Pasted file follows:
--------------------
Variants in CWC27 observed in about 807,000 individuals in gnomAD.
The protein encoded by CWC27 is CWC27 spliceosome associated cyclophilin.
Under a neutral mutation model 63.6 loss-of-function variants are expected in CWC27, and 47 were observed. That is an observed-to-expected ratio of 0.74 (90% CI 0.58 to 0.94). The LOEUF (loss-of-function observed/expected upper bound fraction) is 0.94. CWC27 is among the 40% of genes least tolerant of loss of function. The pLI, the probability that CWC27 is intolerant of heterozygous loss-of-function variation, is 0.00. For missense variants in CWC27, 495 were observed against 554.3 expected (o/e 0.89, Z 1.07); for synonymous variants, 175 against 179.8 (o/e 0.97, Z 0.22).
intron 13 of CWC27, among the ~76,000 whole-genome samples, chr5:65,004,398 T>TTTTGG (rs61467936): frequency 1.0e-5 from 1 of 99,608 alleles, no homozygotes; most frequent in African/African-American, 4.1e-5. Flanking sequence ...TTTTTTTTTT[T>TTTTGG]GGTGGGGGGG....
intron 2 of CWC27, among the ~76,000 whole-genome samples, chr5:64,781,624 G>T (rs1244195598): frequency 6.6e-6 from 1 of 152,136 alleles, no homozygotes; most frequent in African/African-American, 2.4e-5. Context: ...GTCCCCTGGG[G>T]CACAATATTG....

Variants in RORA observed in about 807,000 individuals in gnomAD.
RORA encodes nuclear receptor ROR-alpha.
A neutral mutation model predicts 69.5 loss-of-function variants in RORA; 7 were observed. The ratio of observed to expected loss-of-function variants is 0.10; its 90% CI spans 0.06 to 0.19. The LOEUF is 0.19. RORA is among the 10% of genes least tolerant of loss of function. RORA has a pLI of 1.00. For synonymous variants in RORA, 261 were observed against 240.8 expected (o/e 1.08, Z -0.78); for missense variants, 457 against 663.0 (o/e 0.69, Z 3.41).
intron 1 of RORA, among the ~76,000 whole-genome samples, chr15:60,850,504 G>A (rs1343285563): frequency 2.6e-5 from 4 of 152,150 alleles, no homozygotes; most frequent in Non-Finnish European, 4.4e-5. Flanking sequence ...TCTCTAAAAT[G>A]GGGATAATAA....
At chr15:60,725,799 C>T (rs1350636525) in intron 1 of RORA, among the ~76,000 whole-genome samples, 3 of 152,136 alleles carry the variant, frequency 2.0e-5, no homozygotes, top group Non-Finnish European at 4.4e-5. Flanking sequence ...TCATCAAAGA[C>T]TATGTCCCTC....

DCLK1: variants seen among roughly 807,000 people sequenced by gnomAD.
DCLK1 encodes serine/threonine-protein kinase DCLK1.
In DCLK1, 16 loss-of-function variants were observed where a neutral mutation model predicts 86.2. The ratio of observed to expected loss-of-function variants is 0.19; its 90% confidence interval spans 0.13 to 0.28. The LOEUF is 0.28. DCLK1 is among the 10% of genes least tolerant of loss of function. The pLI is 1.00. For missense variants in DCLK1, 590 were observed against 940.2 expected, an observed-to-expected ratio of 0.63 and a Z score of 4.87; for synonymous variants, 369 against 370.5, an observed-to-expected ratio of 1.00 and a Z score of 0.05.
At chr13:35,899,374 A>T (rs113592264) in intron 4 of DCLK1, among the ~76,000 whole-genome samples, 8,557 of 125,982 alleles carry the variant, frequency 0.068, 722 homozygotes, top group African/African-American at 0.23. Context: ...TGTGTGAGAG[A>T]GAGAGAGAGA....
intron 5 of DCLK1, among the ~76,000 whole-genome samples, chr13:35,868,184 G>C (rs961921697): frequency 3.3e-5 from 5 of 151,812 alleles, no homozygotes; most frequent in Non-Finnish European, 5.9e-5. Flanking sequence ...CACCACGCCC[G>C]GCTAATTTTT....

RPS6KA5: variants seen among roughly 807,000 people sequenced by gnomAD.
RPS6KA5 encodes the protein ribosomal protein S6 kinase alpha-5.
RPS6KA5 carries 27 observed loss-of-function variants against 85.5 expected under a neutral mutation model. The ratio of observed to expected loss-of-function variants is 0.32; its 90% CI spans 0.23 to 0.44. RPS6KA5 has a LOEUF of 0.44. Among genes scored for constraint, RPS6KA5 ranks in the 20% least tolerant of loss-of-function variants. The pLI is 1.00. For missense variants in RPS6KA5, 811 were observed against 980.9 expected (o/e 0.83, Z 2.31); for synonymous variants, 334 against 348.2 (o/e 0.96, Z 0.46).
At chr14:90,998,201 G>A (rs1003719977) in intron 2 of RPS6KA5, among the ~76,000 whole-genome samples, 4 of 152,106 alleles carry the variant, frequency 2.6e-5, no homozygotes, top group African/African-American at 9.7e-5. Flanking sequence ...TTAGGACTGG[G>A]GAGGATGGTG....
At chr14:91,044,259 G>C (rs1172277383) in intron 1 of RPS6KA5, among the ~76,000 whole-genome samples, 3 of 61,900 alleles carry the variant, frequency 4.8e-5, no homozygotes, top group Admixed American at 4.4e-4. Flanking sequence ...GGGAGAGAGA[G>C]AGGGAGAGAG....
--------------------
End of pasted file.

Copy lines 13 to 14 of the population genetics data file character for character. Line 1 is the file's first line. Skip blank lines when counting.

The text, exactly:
In DCLK1, 16 loss-of-function variants were observed where a neutral mutation model predicts 86.2. The ratio of observed to expected loss-of-function variants is 0.19; its 90% confidence interval spans 0.13 to 0.28. The LOEUF is 0.28. DCLK1 is among the 10% of genes least tolerant of loss of function. The pLI is 1.00. For missense variants in DCLK1, 590 were observed against 940.2 expected, an observed-to-expected ratio of 0.63 and a Z score of 4.87; for synonymous variants, 369 against 370.5, an observed-to-expected ratio of 1.00 and a Z score of 0.05.
At chr13:35,899,374 A>T (rs113592264) in intron 4 of DCLK1, among the ~76,000 whole-genome samples, 8,557 of 125,982 alleles carry the variant, frequency 0.068, 722 homozygotes, top group African/African-American at 0.23. Context: ...TGTGTGAGAG[A>T]GAGAGAGAGA....